In Civ 4 there was a serious penalty when you settled a city far away from your main capital.

What is the position on this in Civ 5? Should I scatter shot my cities far away? Or place them close to my capital?

2 Answers 2


There is no penalty for building a city far away, though it does pose some hardships in practice:

  1. It takes longer to move troops from one city from the other, which can be critical at times.

  2. Moving airplanes and missiles between them requires special naval units, unless you have friendly cities in the middle.

  3. Creating a trade route between them can take longer and be more expensive, see this related question on road maintenance cost - though this can be mitigated if they are both coastal cities, or close to other coastal cities, as you can read in this question which explains the trade network.

  4. It takes longer to get the settler there in the first place - those are turns wasted on moving a fragile settler around instead of starting a city.

  5. It takes longer to move workers and great people from one city to another, meaning more turns in transit (while still paying unit maintenance costs) and less turns doing useful stuff.

  6. If you try to build a spaceship, and you build the parts in distant cities, it takes longer to move them back and they must be carefully guarded - spaceship parts are very lucrative units to destroy.

I think point (1) is the most important one. I've had enough instances where my distant cities came under siege and I could not reinforce them in time; I now try to expend slowly, though I admit it's sometimes very hard to resist building a city when coming upon a great location.

Point (3) is also very important but can usually be mitigated by just covering the long distances with the help of coastal cities.

  • I've spotted an area about 50-60 tiles away from my capital which has 3 Bananas and a Gem tile surrounding it. Would be perfect. If I settle there I would certainly be making that city unconnectable with my own territory. It would be blocked off by other nations. What is your advice for this instance?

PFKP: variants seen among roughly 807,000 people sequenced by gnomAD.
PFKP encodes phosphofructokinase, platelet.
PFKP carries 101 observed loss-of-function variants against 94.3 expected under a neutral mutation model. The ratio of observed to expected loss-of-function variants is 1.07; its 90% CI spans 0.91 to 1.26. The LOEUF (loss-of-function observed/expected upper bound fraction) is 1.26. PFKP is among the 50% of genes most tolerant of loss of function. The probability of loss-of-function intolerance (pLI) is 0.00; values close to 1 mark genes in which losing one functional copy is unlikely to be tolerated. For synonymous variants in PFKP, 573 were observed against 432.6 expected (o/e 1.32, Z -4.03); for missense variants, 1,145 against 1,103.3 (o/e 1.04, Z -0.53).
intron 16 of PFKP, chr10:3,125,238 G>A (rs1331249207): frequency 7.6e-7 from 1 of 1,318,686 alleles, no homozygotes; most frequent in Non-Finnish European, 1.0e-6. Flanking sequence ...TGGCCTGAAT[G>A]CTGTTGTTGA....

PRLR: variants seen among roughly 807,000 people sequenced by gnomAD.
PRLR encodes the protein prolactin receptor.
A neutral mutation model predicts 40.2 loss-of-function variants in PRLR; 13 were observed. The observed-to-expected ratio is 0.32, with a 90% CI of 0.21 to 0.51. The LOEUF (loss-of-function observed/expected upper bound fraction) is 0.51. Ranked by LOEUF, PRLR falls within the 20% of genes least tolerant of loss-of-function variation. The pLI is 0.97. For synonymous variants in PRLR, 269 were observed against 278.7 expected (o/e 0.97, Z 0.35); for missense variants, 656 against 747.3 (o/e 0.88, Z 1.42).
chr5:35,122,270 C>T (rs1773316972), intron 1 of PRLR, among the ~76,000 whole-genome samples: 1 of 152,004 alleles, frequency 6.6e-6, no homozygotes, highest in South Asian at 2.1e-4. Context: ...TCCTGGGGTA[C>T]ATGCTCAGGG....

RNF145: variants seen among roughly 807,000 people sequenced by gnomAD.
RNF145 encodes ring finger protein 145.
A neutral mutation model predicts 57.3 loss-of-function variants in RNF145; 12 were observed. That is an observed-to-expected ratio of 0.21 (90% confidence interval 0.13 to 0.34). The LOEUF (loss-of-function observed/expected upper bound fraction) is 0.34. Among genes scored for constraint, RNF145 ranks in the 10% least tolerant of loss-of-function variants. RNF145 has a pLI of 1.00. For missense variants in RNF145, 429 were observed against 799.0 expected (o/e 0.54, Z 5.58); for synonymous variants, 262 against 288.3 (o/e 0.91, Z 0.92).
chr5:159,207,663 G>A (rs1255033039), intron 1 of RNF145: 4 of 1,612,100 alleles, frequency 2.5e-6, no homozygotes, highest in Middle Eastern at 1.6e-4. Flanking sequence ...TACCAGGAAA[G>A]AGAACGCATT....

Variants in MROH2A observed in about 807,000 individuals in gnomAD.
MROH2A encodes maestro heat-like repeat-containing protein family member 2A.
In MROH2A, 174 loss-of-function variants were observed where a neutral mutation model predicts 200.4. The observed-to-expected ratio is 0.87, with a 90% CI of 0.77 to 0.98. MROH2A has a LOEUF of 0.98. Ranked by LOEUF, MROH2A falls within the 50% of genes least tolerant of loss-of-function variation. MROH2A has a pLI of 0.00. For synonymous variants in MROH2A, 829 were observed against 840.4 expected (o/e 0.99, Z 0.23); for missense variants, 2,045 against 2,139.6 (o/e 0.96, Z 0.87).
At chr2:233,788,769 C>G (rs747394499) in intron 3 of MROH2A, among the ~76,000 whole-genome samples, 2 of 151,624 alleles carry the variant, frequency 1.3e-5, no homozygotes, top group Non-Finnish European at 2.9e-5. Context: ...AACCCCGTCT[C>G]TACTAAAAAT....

– Layke
    Sep 11, 2011 at 16:27
  • 3
    @Layke I dunno, I just listed the cons above, you're welcome to do with it what you want. I wouldn't say 1 gem and 3 bananas is a lot but it's hard to tell without actually seeing the map. Plus, remember this is just a game, I think it's fun to be adventurous from time to time :)
    – Oak
    Sep 11, 2011 at 16:33

Something to consider:-

Cost of New Cities It's never wise to go about like Civ 5's AI and settle everywhere. Each new City you add will increase Unhappiness by 3, while each unit of population will also generate 1 Unhappiness unless you're playing on a really low difficulty (it will still fall, just not as much). So, since a city is -3 and starts with 1 population, settling a new city will cost you 4 unhappiness immediately. Cities will raise the cost of future social policies by 10%, and that can be quite a lot - so most cities need to at least justify themselves with the basic boost of a Monument to mitigate this, though it's not nearly enough later in the game. If you need more slots for great works of art, music, or writing, you can always add some of these buildings to Outposts so that you can fit the Great Works and get the +Culture/Tourism of those along with any base benefit from the building itself, at the cost of gold maintenance. Science costs go up 5% with each new City, but this isn't a big issue and wouldn't make me want to put a library in a little outpost to try to mitigate it - after all, any settlements I've made that are never intended to grow large are allowing my other cities to grow larger due to the resources they provide.

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